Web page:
/Gs will insert stack probes in functions that use more than one page (4kB typically) of local variables. A stack probe signals to the OS that you'll use a lot of stack space. If this probe hits the guard page, the OS knows that it will need to allocate an extra page of RAM for the stack to grow.
This is an optimization, because without the probe the actual memory access would trigger the RAM allocation, and the function would stall until the RAM is allocated. The probe, as part of the function prolog, doesn't cause a stall (at least not as severe).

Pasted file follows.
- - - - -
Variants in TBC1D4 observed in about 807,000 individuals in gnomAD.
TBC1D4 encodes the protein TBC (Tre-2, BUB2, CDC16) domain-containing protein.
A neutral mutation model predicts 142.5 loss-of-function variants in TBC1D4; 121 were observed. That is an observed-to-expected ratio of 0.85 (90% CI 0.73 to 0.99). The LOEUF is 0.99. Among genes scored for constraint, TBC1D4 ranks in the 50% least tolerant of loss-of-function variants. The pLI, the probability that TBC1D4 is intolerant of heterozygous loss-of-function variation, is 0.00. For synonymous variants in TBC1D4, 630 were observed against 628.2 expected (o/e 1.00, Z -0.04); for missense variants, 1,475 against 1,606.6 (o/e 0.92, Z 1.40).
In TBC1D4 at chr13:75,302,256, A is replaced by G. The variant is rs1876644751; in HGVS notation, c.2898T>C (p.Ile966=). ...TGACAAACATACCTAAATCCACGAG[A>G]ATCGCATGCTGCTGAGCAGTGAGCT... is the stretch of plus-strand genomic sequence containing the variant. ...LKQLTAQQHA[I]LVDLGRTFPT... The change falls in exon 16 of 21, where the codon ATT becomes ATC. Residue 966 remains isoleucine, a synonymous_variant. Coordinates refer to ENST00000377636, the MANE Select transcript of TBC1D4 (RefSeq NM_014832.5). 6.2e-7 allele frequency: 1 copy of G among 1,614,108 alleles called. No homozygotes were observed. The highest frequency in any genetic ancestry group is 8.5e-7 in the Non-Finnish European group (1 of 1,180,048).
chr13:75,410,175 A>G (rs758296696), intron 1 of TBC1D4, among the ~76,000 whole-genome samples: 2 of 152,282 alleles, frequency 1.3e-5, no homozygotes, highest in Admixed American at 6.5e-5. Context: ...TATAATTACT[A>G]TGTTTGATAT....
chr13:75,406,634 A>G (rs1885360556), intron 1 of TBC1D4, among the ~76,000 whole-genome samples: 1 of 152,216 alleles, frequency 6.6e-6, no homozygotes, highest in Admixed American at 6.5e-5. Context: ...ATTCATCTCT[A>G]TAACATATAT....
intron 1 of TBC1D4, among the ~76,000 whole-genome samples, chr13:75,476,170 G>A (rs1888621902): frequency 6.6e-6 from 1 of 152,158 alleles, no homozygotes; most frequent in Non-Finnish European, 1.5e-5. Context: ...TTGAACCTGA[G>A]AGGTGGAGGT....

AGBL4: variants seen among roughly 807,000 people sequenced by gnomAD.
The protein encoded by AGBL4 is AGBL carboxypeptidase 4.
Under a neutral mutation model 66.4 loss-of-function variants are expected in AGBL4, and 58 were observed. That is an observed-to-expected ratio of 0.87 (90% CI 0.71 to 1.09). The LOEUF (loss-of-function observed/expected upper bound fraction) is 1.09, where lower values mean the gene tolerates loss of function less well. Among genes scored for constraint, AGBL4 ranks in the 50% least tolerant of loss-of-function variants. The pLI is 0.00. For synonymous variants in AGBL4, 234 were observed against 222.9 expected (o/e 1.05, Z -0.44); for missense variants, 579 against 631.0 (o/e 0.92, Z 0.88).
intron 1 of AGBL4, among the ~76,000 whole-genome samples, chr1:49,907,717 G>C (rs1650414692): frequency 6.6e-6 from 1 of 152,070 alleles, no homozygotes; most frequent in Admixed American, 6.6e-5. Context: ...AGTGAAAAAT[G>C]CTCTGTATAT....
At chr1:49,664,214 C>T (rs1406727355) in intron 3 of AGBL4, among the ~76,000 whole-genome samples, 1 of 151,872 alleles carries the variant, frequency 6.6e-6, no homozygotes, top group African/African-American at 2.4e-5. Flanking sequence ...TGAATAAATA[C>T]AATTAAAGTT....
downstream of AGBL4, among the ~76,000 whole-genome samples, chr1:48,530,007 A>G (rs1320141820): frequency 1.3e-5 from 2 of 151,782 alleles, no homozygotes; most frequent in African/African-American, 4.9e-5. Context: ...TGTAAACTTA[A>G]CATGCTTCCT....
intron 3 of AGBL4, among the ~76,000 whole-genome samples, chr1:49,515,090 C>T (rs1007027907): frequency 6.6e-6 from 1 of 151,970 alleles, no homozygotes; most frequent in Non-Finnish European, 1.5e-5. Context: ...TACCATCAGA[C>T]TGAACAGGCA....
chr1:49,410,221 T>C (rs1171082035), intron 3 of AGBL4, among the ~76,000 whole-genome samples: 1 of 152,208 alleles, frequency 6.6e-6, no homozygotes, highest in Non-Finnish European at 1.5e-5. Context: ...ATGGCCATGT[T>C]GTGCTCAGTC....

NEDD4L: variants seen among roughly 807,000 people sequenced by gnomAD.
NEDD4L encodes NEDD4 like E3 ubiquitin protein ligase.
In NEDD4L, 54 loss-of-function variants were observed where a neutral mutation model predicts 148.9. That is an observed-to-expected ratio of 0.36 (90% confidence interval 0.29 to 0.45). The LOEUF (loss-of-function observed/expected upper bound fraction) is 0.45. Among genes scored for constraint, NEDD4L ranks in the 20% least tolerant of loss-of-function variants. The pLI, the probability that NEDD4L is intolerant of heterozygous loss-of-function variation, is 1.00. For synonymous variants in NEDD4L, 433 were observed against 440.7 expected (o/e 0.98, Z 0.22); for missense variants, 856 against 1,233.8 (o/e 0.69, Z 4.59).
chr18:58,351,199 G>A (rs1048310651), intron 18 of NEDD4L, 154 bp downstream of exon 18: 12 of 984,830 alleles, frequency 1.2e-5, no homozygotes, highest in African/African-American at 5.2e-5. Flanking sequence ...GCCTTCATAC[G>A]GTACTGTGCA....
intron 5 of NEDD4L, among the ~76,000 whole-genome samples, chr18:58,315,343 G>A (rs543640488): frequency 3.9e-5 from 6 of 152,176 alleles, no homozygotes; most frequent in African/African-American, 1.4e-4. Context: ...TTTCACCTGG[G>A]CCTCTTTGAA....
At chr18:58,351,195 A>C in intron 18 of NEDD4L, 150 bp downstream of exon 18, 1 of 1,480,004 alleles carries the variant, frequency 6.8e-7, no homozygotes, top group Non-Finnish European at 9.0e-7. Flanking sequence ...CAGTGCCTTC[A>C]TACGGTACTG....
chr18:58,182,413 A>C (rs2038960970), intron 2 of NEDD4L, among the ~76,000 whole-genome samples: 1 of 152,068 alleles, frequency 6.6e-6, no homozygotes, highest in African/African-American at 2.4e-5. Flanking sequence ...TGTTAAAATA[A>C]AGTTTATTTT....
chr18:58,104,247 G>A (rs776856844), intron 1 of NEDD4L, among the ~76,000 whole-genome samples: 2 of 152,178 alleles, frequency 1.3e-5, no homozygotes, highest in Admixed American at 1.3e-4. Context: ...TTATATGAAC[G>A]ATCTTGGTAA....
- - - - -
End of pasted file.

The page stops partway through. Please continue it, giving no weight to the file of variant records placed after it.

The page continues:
Another benefit is that a stack probe up front will allocate memory once. If you need 16 KB of stack space and rely on allocation-on-demand, you'll have 4 page faults that each grow the stack by 4 KB. A single probe can replace these 4 faults with one syscall.